The Fair Labor Standards Act (FLSA) dates to 1938 before the advent of pharmaceutical sales representatives (Coke in one variety or another sufficed for drugs back then–just kidding). However, a modern-day court battle is raging over whether PSRs are exempt from FLSA overtime rules.

A Connecticut court held recently that they are not exempt since pharma reps make no sales; they just introduce products and give samples to physicians and medical professionals. Most other courts, however, count them as exempt in an FLSA-defined capacity as "outside salespersons." The reasoning here often goes that the duties they perform are virtually unsupervised and resemble sales calls in almost every way, and on top of that they often receive commission checks when the products they promote are prescribed.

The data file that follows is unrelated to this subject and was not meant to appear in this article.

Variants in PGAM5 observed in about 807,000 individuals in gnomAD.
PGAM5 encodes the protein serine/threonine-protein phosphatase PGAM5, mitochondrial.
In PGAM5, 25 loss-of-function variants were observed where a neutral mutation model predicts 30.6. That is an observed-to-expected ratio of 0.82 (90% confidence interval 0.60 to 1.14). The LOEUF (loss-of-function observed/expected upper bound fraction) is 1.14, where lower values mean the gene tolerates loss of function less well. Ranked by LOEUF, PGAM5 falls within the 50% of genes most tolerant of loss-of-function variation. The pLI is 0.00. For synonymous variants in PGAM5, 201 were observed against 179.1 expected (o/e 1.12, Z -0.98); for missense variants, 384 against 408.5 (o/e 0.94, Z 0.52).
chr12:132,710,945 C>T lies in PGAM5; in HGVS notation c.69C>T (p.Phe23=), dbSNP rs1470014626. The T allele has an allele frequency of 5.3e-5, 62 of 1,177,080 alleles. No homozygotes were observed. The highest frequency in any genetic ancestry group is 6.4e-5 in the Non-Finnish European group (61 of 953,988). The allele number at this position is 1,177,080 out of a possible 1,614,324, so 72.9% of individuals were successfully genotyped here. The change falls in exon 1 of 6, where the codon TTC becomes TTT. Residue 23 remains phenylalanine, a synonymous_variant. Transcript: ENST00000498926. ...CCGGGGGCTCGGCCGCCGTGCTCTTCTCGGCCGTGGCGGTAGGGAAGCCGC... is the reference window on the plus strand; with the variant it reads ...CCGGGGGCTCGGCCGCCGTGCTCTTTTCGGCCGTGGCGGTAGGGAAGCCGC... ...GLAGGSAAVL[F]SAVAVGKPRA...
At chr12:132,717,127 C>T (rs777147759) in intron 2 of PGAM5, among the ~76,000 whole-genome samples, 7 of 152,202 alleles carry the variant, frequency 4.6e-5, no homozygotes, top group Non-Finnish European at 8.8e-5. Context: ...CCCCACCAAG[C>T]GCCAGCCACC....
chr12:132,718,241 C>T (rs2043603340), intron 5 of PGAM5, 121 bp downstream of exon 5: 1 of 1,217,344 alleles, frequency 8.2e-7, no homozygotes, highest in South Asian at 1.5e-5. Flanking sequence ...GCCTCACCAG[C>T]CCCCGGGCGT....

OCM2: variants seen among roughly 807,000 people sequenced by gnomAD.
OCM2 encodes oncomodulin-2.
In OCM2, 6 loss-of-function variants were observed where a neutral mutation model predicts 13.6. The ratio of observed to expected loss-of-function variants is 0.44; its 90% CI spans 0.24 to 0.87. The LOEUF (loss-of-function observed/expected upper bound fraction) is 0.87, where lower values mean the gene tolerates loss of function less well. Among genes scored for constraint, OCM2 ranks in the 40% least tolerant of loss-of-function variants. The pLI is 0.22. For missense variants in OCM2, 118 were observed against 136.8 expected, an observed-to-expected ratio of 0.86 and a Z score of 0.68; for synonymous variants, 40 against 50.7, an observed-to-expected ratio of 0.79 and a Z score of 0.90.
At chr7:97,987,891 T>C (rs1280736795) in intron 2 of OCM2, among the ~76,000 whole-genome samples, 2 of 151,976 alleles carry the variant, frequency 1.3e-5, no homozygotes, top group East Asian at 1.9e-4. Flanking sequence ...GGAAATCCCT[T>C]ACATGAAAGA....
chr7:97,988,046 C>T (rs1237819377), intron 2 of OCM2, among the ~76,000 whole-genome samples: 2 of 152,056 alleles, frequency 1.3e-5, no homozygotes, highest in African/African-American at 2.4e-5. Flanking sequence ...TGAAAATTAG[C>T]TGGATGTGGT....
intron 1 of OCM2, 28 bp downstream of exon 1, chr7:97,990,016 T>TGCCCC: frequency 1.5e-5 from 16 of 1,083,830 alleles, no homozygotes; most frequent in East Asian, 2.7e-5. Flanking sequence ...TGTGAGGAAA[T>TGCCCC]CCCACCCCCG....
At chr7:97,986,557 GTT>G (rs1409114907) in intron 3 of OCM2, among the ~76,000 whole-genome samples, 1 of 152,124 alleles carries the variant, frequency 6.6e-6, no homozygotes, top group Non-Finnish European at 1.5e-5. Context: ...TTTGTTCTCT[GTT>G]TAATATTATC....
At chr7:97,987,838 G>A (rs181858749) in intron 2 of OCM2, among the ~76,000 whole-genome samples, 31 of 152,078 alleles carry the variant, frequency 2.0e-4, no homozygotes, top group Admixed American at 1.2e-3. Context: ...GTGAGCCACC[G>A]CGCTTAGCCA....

The most recent pro-exempt ruling came in an Arizona federal district court in the case of Christopher v. SmithKline Beecham.

On the losing end were the PSRs themselves who were seeking "lost" overtime pay for prior service. They argued that, since the Food and Drug Administration (FDA) forbids sales of pharmaceuticals to either physicians or patients, they could not be classified as salespeople and thus were non-exempt and eligible for overtime pay.

As you can see from this example, classifying employees as exempt (no overtime) and non-exempt (always eligible for overtime) can prove a challenging task. Our FLSA Overtime Rules Compliance Kit can help you properly classify your workforce. Get your copy today.